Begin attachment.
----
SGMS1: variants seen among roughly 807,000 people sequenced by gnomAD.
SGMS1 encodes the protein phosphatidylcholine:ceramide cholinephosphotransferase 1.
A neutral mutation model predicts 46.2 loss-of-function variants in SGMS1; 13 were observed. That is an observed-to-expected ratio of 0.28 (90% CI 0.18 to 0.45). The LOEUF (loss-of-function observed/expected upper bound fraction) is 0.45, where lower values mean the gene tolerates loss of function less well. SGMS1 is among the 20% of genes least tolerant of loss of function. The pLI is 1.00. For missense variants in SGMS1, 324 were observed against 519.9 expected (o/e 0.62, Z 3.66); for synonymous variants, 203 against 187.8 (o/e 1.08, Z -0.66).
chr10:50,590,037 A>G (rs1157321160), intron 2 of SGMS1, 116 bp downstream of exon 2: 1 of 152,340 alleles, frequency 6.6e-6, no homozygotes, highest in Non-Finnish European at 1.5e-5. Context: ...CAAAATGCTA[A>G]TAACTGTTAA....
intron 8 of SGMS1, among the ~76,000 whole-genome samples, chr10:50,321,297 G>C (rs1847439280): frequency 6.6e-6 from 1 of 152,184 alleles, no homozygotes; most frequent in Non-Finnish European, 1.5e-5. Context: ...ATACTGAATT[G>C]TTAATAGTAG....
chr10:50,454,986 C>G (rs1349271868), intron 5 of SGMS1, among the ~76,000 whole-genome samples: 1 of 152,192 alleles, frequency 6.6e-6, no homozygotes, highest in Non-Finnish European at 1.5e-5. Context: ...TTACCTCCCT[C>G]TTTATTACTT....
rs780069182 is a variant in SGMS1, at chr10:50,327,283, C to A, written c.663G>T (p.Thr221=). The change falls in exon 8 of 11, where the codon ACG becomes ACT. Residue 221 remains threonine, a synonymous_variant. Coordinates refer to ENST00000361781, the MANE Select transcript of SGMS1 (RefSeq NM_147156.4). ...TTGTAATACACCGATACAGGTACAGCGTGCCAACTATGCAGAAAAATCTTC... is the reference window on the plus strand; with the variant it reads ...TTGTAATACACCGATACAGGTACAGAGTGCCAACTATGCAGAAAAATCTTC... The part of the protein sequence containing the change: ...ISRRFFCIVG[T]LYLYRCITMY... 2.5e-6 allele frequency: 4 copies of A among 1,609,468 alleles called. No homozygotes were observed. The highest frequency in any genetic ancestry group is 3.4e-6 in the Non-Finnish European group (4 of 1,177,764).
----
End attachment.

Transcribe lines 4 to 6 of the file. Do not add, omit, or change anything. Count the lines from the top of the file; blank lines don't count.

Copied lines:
chr10:50,590,037 A>G (rs1157321160), intron 2 of SGMS1, 116 bp downstream of exon 2: 1 of 152,340 alleles, frequency 6.6e-6, no homozygotes, highest in Non-Finnish European at 1.5e-5. Context: ...CAAAATGCTA[A>G]TAACTGTTAA....
intron 8 of SGMS1, among the ~76,000 whole-genome samples, chr10:50,321,297 G>C (rs1847439280): frequency 6.6e-6 from 1 of 152,184 alleles, no homozygotes; most frequent in Non-Finnish European, 1.5e-5. Context: ...ATACTGAATT[G>C]TTAATAGTAG....
chr10:50,454,986 C>G (rs1349271868), intron 5 of SGMS1, among the ~76,000 whole-genome samples: 1 of 152,192 alleles, frequency 6.6e-6, no homozygotes, highest in Non-Finnish European at 1.5e-5. Context: ...TTACCTCCCT[C>G]TTTATTACTT....